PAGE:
Field Corn Seed
Considerations for Field Corn Seed Moisture Exposure
As you grow corn, your fields are likely to go through many different levels of moisture. This change is typical and isn’t usually a problem for most farmers. However, you may end up with some damaged seed if you aren’t careful. Field corn seed must be kept at a pretty specific moisture level. If not, you are likely to experience some pretty unexpected problems.
You Must Balance Seed Moisture Level
Your field corn seed is alive – this is a fact that many people may not realize. As a result, you need to do what you can to keep it secure and healthy. And like all other living creatures, your seed will need certain levels of moisture to stay healthy. However, too much can be damaging if you aren’t careful. So, what humidity is typical for this seed, and how can you keep your crops as healthy as possible?
Typically, you want to keep your seeds between 20-25 percent moisture levels. This factor is also the same for when you harvest your corn, too. Simply put, you need to keep the moisture at this level to avoid a variety of serious troubles. These problems are often hard to predict and can vary depending on many factors. That’s why we’ll take a look at these issues below right now to help you out.
Please note: problems may occur with your corn seed due to high and low moisture levels. As a result, you can’t go too far in either direction without expecting problems. Throughout this article, we’ll discuss how your seeds will die if they are exposed to improper moisture levels, but won’t go into the differences between too much and too little. The result is usually the same: poor crop yields.
Phantom Yield Problems
When you don’t correctly balance your moisture on your field corn seed, you’re going to end up experiencing what is known as phantom yield loss. This problem occurs when you start losing dry matter from the kernel of your corn. The seed of your corn is a breathing organism, remember, and it needs exposure to oxygen and water. Unfortunately, it will slowly eat through its energy reserves.
Loss of energy will naturally occur from any corn seed. However, high temperatures and moisture levels boost this rate even further. When not growing, your seed will then start to wear down and become heavily damaged. As a result, your seed may not have the energy to develop later on in its life cycle or may struggle to produce stalks and cobs for you to pick.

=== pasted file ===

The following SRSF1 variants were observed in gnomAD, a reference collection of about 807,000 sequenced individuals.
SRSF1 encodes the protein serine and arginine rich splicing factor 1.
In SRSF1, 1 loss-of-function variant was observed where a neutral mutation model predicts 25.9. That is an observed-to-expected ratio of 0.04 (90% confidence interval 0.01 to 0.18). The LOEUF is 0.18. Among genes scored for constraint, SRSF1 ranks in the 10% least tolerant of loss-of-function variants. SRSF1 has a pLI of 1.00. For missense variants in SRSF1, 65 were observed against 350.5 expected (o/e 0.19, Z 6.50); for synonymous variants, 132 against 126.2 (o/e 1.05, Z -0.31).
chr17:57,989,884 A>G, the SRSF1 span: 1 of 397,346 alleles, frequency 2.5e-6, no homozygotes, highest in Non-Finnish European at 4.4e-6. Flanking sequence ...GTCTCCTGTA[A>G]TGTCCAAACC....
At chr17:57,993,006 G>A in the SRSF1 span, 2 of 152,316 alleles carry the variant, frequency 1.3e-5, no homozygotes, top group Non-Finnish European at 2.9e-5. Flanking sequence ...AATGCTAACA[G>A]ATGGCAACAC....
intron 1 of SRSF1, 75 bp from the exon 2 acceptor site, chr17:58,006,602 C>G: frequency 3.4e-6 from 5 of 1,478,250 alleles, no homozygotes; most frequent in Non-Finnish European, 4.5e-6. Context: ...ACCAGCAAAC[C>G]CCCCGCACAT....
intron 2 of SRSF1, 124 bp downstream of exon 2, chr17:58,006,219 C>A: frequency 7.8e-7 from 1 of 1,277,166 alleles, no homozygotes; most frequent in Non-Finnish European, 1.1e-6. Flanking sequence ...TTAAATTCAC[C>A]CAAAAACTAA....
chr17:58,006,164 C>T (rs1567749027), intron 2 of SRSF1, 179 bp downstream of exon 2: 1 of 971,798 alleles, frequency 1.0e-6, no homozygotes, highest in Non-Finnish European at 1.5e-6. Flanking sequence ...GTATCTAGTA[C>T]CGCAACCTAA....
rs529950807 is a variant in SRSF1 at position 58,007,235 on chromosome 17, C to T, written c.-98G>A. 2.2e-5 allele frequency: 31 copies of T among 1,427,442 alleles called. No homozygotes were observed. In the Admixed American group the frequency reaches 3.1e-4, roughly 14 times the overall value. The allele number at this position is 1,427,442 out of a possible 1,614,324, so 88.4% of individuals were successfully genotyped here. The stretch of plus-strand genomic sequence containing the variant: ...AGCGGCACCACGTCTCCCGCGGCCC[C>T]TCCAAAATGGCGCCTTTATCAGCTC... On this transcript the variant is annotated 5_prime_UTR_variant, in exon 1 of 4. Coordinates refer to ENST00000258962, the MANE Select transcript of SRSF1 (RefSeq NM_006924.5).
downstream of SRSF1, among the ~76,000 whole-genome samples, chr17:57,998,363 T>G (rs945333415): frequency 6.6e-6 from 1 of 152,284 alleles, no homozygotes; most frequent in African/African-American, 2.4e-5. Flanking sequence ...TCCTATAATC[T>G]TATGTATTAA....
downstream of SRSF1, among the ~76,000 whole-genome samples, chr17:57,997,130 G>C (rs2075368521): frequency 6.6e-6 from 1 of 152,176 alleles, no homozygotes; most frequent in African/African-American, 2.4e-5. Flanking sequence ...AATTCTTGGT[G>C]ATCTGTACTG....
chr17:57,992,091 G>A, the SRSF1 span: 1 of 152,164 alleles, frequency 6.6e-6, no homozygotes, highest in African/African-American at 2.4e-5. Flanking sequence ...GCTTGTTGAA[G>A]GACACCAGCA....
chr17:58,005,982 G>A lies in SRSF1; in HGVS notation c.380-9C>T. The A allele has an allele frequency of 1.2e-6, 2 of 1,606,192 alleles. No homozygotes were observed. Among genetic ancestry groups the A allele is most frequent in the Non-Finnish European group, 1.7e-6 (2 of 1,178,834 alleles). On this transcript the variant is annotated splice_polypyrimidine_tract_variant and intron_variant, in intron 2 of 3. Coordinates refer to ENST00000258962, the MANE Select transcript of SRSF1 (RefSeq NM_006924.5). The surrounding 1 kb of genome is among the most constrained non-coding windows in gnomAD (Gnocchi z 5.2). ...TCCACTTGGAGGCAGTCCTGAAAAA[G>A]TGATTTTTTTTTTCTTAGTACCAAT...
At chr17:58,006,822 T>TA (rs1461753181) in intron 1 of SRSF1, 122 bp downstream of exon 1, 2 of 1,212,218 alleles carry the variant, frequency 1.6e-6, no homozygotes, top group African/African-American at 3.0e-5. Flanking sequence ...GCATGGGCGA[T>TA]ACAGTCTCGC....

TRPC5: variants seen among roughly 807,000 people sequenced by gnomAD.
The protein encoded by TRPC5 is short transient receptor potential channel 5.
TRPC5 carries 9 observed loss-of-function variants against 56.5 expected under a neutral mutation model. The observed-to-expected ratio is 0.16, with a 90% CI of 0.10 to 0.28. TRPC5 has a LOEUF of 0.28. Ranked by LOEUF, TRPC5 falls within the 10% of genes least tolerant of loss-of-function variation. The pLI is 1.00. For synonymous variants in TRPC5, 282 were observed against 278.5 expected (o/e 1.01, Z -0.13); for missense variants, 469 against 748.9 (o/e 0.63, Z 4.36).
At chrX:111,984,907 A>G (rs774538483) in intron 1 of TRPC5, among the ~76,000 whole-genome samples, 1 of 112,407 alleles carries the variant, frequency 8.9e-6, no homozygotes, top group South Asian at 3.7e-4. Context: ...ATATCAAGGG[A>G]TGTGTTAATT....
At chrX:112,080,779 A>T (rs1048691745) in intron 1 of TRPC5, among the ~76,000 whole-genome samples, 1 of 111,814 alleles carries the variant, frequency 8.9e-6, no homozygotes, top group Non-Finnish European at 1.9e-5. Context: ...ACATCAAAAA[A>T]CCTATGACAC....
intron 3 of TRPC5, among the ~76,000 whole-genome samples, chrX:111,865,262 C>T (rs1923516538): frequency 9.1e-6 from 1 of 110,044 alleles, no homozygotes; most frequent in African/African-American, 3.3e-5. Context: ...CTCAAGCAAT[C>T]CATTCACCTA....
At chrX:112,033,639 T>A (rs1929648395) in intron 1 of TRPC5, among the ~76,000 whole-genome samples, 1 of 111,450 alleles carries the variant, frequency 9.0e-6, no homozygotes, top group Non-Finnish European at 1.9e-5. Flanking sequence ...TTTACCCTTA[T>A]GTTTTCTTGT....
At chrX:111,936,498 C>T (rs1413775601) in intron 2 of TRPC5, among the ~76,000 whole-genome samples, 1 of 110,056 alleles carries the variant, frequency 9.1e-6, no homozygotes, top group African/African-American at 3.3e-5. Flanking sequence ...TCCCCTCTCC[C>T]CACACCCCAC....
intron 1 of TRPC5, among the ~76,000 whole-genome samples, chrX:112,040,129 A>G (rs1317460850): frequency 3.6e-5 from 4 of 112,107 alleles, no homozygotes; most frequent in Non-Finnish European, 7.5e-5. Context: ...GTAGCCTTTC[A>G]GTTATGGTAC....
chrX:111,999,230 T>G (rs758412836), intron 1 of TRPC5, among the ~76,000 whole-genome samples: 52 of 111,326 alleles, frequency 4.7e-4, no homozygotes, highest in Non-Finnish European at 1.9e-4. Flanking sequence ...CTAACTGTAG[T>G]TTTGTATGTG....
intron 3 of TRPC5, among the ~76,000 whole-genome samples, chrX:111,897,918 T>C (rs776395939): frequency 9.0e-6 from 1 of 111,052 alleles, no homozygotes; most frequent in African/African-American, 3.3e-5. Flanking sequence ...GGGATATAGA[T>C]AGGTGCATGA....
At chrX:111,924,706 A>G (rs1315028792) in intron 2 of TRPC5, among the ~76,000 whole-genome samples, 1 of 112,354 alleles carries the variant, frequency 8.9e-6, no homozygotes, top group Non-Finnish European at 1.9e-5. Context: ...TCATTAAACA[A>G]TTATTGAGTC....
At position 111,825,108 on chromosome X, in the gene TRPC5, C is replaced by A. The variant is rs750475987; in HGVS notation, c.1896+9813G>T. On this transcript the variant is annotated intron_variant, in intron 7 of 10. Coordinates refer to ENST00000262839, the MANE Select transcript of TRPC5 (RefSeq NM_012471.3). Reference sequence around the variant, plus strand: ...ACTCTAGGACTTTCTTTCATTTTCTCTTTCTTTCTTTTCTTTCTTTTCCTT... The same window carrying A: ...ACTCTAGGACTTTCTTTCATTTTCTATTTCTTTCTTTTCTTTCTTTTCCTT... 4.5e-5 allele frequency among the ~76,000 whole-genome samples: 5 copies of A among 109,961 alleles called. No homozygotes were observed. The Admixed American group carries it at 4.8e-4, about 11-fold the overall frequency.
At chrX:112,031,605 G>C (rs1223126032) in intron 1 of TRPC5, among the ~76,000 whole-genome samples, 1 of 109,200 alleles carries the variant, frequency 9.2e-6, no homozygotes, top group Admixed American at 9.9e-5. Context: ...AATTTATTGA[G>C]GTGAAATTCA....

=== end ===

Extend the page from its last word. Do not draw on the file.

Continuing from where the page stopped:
The exact loss level you may experience here is often hard to predict. Some farmers may experience around 0.6 percent of their loss due to this excessive moisture. That might not seem like much, but that is the loss level per seed. When you start adding this loss up to multiple growths, then you’ll see where the problem lies. Unfortunately, this is far from the only issue you’ll notice.
Ways Your Harvest is Affected
If you let moisture affect your seeds and this problem spreads further, you are going to experience some more yield problems. Simply put, your seeds may not only be weaker but may even die. When this happens, your field corn seed will not sprout. And you’ll have a wasted spot where you could have had a corn stalk if you had carefully balanced the moisture in your seed containers.
Even worse, you may end up with excessive mold growth on some of your corn due to high levels of moisture. This problem occurs while your corn is on the stalk and is not tied to the seeds. However, the mold may damage the ear and cause other issues that make it harder to use. In this way, you may end up having to pay more money than anticipated to harvest your corn.
As a result, you need to do what you can to balance the level of your moisture to keep your corn secure. The best way to do this is to store your seeds properly and to ensure that they are free from improper moisture levels. You may want to skip this step and buy corn seed instead, but if you have an extensive collection of seeds you want to protect, follow these tips to get the most from your corn.
Protect Your Seeds From Damage
Smart farmers take preventative steps to keep their corn safe from excessive moisture. Typically, this process is a relatively simple one that you may be doing without even realizing it. However, you should still set up a specific area where you store and check your seeds. Doing so makes it easier for you to save money on your growing next year and provides you with a little extra financial help.
For example, you can place large bins of field corn seed in a barn or shed with temperature control. Try to keep the temperature between 32 to 70 degrees Fahrenheit. Typically, 65 is an excellent setting for most corn seeds. And add a humidity controller and aerator to keep the humidity levels between 20-25 percent. Any higher or lower, and you will run into problems with your seeds.
And make sure that you always use your corn seeds the year after you harvest them. Typically, seeds are good for about a year and will produce at a yield rate of 80 to 85. However, this rate drops down to 65 percent after two years and will get even worse as time passes. So always store just a little over how many corn seeds you expect to use. A little extra helps you when any of your seeds go bad.
Contact Us for Better Seeds
If you want the best field corn seed, please contact us today at Online Seed Sales. Our professionals can provide you with the corn that you need to grow incredible stalks and ears. We can also help teach you methods of protecting your seeds from other issues that may affect them.